Unsurprisingly, however, with the standard beer being a litre in size, the need for some people to be sick after a long afternoon in the beer hall would become necessary, and therefore the ‘vomitorium’ was introduced to the male toilets. This steel bowl is actually built at the correct height for good posture whilst needing to vomit! Unfortunately, this device only exists in the male toilets, and therefore should a woman need to use it, a male attendant will escort her to the male toilets, and insist that any man using the urinals at the time, stop what he is doing, and turn to face away whilst the woman may vomit as she pleases!

On a more serious note, Keith our guide also informed us of some of the darker moments of Bavarian history, such as krystallnacht, which was central to Munich, as well as some stories of the Dachau Concentration Camp, which is situated not far from the city. We were informed that this camp was the first of its kind, and also one of the most brutal. During the Nazi occupation, the 12,000 Jews living in Bavaria were reduced to a mere 80. These statistics, needless to say, shocked me, and are something that will never leave me.

On a lighter topic, Keith also explained to us the Bavarian tradition of Maypoles. Unlike in England where they are associated with dancing at springtime, the Bavarian maypoles are simply enormous, taller than most buildings and beautifully decorated. The Bavarian tradition is to steal another town’s maypole, and in order for that town to receive their maypole back, they must throw any party that the stealing town desires! We were told that once, the Munich airport rang the police to inform them that their maypole had been stolen during the night, only to receive laughter on the other end of the phone, and it came to light that the police had actually stolen the airport’s maypole!

Continuing the balance of Munich’s dark history with its more playful present, Keith also showed us the site of Hitler’s Third Reich march through Munich, including a plaque which remains there to this day, which was originally placed in order that you should stop, and salute Hitler in front of it. We were also quickly told that should any of us find it funny to perform a Hitler salute, were would immediately be arrested or fined on the spot.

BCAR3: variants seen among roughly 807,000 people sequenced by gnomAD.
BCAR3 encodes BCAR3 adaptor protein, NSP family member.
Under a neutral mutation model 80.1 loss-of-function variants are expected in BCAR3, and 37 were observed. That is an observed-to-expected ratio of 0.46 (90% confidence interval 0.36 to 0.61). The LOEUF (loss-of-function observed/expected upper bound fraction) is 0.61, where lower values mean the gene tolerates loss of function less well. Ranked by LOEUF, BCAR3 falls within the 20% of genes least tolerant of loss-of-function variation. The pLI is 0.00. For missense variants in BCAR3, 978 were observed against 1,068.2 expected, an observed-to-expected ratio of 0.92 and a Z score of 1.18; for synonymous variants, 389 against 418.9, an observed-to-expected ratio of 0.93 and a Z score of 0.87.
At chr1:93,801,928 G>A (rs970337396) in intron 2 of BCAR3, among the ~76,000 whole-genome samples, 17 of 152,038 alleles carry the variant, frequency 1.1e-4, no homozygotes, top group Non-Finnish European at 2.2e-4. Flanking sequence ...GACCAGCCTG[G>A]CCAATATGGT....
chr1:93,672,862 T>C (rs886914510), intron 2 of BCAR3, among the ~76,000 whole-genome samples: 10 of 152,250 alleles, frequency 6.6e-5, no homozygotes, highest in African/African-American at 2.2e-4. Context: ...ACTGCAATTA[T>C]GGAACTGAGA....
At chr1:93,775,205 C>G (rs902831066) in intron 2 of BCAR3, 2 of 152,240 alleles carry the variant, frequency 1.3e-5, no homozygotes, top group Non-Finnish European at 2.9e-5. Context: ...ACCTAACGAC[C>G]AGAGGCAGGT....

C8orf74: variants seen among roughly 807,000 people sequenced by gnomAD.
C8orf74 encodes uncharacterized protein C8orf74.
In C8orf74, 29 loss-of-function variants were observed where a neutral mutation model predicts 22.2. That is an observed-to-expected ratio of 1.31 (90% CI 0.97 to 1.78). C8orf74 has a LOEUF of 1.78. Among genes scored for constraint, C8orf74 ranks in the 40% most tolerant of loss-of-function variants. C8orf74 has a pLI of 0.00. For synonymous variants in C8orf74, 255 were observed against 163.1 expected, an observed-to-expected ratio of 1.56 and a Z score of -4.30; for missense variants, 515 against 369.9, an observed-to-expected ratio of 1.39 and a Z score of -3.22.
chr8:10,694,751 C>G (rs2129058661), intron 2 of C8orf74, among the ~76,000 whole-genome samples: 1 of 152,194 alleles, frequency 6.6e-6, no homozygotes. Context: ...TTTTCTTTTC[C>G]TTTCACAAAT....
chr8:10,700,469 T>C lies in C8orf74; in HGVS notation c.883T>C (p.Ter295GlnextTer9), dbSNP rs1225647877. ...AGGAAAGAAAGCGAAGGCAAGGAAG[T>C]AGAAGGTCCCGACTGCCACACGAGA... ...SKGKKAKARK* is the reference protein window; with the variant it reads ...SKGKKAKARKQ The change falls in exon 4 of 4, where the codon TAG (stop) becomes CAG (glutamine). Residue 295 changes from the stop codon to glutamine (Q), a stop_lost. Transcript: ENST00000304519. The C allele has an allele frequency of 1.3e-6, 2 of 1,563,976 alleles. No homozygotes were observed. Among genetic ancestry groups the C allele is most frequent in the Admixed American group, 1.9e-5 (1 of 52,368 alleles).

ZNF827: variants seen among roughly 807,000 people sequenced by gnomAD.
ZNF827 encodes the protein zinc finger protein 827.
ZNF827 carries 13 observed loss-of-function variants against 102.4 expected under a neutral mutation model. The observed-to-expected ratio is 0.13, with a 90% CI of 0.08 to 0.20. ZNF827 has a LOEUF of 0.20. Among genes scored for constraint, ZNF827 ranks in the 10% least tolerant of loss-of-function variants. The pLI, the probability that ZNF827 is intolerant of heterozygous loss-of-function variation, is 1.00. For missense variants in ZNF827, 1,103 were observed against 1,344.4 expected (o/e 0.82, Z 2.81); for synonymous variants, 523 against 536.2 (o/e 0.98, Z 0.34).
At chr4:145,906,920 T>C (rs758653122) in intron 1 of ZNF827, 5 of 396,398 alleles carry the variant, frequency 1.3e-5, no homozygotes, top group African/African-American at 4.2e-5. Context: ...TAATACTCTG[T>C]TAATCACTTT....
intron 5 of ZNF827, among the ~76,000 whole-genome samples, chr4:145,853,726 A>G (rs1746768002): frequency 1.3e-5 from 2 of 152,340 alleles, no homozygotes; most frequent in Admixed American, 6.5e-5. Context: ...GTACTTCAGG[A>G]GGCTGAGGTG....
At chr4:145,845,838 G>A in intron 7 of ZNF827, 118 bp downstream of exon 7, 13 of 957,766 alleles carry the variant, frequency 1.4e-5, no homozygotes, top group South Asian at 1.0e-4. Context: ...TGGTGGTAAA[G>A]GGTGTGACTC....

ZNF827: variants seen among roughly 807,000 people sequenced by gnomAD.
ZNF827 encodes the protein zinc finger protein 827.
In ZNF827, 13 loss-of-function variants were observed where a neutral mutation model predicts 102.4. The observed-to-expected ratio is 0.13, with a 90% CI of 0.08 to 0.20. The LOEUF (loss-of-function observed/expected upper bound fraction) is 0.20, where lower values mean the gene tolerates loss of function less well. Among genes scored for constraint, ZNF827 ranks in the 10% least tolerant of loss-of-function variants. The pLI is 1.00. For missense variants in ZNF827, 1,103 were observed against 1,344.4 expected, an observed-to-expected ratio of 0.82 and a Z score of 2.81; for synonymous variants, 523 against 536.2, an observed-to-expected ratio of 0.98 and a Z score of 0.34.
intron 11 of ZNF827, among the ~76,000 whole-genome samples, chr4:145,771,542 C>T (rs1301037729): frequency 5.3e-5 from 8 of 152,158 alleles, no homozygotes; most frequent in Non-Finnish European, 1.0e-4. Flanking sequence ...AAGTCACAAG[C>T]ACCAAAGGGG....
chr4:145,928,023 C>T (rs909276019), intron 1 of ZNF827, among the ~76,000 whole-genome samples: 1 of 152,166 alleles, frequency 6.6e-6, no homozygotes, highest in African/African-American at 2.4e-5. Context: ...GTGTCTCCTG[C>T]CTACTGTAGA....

We also learnt about Ocktoberfest, where a week long drinking binge of hundreds of thousands of people normally concludes in lost children, lost passports, and in particular both the English and Australian embassies having to travel to Munich in order to ensure safe passage home for the hundreds of thousands of hungover British and Australian tourists!

After concluding our tour and having further fuelled our appreciation of Munich, we ate lunch and wandered around, absorbing the scenery. I wandered off from the others for a while for some thinking time, and found a couple of violinists busking on the street and was awestruck by their skill and dexterity. For me, my few minutes watching them just further heightened the beauty of the city.

That night, we once again frequented the amazing beer hall, where Lexi and I decided that we were brave enough to attempt the standard one litre beer, instead of the rather pathetic looking, in comparison, English pint that we’d had the night before! Sadly to say, we were both defeated and failed to finish our enormous litres of beer!